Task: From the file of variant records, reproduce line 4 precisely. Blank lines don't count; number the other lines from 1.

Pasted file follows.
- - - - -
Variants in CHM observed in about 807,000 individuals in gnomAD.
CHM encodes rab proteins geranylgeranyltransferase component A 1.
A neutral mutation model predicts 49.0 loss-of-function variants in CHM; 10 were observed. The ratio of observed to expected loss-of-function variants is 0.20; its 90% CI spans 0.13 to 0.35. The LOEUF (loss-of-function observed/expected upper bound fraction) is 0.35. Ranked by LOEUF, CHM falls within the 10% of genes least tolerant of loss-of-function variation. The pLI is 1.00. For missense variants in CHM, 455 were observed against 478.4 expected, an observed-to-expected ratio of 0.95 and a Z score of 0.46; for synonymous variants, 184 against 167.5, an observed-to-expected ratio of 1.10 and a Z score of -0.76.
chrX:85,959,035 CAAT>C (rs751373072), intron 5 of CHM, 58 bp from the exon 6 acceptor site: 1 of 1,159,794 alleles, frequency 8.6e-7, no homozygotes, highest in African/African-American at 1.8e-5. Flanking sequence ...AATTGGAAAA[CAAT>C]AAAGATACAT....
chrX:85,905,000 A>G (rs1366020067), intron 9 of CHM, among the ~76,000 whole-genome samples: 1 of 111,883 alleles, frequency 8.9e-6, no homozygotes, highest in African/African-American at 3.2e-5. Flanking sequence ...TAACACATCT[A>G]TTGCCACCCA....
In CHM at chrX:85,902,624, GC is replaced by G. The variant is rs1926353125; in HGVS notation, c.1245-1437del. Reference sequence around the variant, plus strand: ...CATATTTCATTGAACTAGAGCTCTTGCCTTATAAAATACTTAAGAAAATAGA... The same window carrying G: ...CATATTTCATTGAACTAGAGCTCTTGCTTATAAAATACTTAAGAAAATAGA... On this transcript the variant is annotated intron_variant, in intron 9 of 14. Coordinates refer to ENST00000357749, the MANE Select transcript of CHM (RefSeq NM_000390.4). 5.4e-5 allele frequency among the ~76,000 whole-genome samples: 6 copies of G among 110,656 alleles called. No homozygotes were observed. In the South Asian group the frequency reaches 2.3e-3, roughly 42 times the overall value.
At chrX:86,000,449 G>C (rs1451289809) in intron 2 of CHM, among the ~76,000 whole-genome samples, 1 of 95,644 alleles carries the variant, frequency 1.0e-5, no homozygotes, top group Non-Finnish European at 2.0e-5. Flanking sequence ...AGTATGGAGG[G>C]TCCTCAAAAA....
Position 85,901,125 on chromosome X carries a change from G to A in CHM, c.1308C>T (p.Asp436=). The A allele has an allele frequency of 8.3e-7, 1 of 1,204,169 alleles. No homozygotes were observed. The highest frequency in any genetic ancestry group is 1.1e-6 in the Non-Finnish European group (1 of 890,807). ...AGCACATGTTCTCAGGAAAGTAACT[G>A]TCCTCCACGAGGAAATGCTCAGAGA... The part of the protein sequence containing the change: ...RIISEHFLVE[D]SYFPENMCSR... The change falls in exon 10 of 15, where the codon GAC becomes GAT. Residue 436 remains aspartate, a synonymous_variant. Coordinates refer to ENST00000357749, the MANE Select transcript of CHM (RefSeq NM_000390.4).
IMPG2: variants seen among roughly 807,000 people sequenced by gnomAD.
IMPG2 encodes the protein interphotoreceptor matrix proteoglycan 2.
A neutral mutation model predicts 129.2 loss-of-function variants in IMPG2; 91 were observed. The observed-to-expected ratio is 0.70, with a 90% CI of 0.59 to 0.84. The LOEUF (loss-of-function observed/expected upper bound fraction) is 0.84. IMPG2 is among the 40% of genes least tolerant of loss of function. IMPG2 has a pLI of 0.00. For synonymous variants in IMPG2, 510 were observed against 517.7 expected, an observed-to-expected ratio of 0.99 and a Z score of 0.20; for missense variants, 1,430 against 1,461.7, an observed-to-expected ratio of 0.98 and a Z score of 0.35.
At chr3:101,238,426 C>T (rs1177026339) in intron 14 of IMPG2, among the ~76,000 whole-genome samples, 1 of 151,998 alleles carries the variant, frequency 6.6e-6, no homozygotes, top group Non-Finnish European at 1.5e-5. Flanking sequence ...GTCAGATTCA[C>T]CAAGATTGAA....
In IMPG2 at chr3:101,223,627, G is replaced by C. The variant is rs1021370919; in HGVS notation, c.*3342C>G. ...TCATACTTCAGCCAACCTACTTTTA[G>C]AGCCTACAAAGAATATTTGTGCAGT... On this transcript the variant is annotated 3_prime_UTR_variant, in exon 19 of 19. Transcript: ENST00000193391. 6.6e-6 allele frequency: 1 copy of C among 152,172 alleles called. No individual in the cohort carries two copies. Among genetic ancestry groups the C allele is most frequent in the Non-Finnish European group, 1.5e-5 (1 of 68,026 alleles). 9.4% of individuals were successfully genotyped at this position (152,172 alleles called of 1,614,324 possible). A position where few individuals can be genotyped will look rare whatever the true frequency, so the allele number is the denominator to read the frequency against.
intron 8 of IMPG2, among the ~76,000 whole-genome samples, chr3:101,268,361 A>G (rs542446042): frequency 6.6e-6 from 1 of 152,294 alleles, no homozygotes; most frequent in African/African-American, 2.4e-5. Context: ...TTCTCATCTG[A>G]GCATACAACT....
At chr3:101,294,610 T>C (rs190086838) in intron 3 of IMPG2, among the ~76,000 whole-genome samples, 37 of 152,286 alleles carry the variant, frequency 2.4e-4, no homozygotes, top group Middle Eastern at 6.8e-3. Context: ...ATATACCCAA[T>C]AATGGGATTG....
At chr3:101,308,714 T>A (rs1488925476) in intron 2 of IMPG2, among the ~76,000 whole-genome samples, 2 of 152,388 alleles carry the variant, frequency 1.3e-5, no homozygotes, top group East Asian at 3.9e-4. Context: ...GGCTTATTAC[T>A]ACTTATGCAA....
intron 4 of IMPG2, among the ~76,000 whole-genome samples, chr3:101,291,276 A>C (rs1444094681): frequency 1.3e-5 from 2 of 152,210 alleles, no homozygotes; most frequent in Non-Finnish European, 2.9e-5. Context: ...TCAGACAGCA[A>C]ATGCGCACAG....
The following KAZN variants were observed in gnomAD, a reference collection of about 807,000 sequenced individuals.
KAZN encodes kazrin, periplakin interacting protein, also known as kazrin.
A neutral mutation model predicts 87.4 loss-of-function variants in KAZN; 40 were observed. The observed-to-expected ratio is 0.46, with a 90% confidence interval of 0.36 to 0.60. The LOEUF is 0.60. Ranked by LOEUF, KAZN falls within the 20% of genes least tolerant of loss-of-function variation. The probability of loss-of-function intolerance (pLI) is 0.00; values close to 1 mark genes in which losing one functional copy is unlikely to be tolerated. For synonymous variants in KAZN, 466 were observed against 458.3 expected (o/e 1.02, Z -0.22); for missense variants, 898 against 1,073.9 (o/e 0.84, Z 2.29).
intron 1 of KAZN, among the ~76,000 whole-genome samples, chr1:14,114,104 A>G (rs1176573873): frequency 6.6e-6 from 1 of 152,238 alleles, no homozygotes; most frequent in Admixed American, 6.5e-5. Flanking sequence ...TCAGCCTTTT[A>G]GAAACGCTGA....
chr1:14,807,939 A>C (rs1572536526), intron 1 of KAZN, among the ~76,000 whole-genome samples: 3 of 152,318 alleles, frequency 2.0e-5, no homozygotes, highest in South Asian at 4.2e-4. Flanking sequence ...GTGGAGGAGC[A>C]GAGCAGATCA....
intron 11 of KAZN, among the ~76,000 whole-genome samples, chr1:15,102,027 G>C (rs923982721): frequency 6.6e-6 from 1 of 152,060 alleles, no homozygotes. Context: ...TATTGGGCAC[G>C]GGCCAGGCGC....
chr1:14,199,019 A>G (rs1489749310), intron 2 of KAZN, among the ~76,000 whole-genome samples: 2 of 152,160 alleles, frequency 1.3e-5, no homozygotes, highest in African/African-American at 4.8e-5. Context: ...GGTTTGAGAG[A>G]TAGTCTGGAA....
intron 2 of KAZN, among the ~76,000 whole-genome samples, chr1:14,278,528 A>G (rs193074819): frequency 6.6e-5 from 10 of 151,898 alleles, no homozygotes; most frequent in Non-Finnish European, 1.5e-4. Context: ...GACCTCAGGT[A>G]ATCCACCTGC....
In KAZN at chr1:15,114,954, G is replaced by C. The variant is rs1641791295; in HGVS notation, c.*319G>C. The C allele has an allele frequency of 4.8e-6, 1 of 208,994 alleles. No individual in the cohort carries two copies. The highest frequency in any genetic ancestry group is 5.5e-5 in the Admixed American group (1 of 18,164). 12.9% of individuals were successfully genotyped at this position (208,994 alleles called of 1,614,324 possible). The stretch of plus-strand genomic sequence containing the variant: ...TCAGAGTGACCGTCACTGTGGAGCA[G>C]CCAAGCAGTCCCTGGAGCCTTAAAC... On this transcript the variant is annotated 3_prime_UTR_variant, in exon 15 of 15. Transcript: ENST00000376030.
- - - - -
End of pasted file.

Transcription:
chrX:85,959,035 CAAT>C (rs751373072), intron 5 of CHM, 58 bp from the exon 6 acceptor site: 1 of 1,159,794 alleles, frequency 8.6e-7, no homozygotes, highest in African/African-American at 1.8e-5. Flanking sequence ...AATTGGAAAA[CAAT>C]AAAGATACAT....